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Vaulted Biaryl Ligands and BINOL Derivatives

Aldrich ChemFiles 2006, 6.10, 5.

Aldrich ChemFiles 2006, 6.10, 5.

BINOL and its derivatives are some of the mostly widely used classes of ligands in asymmetric synthesis, and are utilized in a broad array of reaction classes including: Diels-Alder, ene, carbonyl addition and reductions, Michael additions, as well as many others. While tremendous success has been obtained with the BINOL platform, other C2-symmetric diol ligands have attracted considerable attention. Among these are the vaulted biaryl ligands developed by Wulff and co-workers (Michigan State University). Both vaulted 3,3’-biphenanthrol (VAPOL) and vaulted 2,2’-binaphthol (VANOL) have proven to be excellent ligands in catalytic asymmetric Diels-Alder, imine aldol, and aziridination reactions (Figure 2).1 Additionally, the phosphoric acid derivative of VAPOL was shown to be effective as a chiral Brønsted acid catalyst. In many of the examples illustrated herein, the vaulted biaryls give both higher yields and higher inductions than the same reactions using a BINOL ligand.

Figure 2

Very early on, a catalyst generated from Et2AlCl and VAPOL was shown to be an effective catalyst for the asymmetric Diels-Alder reactions.2 As shown in Scheme 6, the cycloaddition of acrolein with cyclopentadiene in the presence of the VAPOL-derived catalyst gave high conversions and excellent stereoselectivities for the exo isomer in very high optical purity. Analogous reactions with the BINOL-derived catalyst provided the cycloadduct in high yield, but in very low enantiomeric excess (13–41%).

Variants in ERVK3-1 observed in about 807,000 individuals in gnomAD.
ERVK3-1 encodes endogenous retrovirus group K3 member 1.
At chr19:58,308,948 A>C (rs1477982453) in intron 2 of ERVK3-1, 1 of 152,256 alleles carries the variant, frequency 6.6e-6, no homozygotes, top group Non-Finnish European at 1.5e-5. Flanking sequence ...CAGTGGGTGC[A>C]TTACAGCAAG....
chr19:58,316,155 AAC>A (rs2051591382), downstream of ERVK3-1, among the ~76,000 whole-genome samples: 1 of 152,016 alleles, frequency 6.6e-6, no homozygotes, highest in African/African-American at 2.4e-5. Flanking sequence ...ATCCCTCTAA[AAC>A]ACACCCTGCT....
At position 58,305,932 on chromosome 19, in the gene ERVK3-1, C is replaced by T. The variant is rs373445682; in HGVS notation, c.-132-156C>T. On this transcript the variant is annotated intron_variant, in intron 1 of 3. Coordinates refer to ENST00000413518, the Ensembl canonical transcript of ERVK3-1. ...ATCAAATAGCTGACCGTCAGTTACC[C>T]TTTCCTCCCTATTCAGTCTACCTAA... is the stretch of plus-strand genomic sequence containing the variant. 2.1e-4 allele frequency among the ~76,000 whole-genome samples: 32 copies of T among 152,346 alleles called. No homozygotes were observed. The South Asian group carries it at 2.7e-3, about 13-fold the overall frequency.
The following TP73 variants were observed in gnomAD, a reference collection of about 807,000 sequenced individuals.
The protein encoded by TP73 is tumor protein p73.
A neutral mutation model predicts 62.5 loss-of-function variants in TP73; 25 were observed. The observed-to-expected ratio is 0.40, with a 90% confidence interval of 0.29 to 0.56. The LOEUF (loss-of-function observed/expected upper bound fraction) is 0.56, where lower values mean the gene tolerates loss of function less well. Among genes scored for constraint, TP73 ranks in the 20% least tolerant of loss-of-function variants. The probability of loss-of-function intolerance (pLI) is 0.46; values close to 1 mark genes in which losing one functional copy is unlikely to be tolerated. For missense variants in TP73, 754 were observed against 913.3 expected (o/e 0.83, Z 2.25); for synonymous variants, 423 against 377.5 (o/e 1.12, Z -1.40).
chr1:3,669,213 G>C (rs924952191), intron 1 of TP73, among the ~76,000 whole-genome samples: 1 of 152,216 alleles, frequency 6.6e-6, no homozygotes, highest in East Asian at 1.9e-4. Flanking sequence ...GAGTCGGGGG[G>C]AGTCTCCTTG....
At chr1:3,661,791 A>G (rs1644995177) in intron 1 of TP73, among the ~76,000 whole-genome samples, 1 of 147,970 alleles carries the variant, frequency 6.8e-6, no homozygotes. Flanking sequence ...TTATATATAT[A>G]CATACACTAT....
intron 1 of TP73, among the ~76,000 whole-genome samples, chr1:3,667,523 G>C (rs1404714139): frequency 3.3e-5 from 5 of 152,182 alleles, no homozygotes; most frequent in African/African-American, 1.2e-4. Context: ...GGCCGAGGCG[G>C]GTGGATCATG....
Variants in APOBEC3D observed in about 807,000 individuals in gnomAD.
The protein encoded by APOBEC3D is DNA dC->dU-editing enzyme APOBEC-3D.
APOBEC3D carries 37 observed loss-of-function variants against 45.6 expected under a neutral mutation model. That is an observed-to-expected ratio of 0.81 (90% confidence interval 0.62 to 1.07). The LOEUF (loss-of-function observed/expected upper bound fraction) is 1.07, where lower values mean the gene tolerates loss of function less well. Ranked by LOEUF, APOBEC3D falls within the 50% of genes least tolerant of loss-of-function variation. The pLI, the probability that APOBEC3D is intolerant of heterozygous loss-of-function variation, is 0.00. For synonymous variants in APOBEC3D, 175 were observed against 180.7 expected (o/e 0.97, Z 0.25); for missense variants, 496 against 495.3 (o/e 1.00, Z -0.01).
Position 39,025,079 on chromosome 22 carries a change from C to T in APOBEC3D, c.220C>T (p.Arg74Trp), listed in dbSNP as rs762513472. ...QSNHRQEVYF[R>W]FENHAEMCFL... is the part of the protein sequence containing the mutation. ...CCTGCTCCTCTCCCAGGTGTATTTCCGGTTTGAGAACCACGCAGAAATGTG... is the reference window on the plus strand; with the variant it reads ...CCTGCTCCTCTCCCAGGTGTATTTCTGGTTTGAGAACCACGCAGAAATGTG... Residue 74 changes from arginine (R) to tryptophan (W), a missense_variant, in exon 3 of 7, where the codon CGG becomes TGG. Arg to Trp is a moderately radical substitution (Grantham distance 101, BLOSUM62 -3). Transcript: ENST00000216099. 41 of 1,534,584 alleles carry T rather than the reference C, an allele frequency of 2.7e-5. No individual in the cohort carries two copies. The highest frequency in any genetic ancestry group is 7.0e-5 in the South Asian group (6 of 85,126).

Scheme 6

Aziridines are important building blocks in organic synthesis because they allow for convenient access to amines, amino alcohols, diamines, and other useful nitrogen-containing molecules. Most contemporary methods of chiral aziridine preparation have relied on the chiral pool. Recently, the Wulff group has developed a robust catalytic asymmetric aziridination reaction providing optically active aziridines in high yields and selectivities. The reaction relies on the addition of commercially available ethyl diazoacetate (EDA) to benzhydryl imines in the presence of arylborate catalysts prepared from vaulted aryl ligands and B(OPh)3.3 The aziridination reaction exhibits excellent selectivities for the cis isomer, and high enantiomeric excesses are obtained. The resultant benzyhydryl-protected aziridines undergo a variety of reactions, including: deprotection, reductive ring opening, and alkylation reactions (Scheme 7, Table 3). The asymmetric synthesis of leukointegrin LFA-1 antagonist BIRT-377 utilized an aziridination/alkylation methodology to provide the hydantoin target in excellent overall yield.

Scheme 7

Table 3

The highly expeditious synthesis of the antibacterial agent (–)-chloramphenicol utilized the asymmetric aziridination reaction, followed by a nucleophilic ring opening of the aziridine with dichloroacetic acid and subsequent acyl group migration (Scheme 8, Table 4). Both VANOL and VAPOL gave higher yields and stereoselectivities than the BINOL-derived catalyst.